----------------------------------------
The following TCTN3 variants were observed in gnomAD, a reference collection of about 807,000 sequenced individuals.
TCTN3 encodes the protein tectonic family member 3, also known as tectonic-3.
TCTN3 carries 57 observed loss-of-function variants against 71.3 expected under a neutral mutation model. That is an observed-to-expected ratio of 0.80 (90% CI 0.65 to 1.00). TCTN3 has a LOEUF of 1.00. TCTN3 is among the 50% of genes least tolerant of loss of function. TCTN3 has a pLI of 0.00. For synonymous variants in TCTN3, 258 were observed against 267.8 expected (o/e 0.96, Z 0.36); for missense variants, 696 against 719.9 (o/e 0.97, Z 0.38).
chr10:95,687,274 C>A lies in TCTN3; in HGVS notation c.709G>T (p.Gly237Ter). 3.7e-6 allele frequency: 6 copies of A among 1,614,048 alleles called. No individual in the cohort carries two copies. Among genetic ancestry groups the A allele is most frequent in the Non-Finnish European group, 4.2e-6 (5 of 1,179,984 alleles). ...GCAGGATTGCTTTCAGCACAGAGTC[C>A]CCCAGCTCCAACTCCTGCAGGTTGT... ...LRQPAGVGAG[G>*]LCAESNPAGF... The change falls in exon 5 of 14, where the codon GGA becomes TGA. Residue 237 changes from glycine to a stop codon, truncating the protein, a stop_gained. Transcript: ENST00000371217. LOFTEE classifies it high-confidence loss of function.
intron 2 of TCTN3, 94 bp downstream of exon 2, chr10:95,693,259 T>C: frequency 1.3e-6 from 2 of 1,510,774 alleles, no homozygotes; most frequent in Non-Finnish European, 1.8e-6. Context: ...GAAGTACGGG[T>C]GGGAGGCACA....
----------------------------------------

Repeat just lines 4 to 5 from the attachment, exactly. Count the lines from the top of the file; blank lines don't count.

chr10:95,687,274 C>A lies in TCTN3; in HGVS notation c.709G>T (p.Gly237Ter). 3.7e-6 allele frequency: 6 copies of A among 1,614,048 alleles called. No individual in the cohort carries two copies. Among genetic ancestry groups the A allele is most frequent in the Non-Finnish European group, 4.2e-6 (5 of 1,179,984 alleles). ...GCAGGATTGCTTTCAGCACAGAGTC[C>A]CCCAGCTCCAACTCCTGCAGGTTGT... ...LRQPAGVGAG[G>*]LCAESNPAGF... The change falls in exon 5 of 14, where the codon GGA becomes TGA. Residue 237 changes from glycine to a stop codon, truncating the protein, a stop_gained. Transcript: ENST00000371217. LOFTEE classifies it high-confidence loss of function.
intron 2 of TCTN3, 94 bp downstream of exon 2, chr10:95,693,259 T>C: frequency 1.3e-6 from 2 of 1,510,774 alleles, no homozygotes; most frequent in Non-Finnish European, 1.8e-6. Context: ...GAAGTACGGG[T>C]GGGAGGCACA....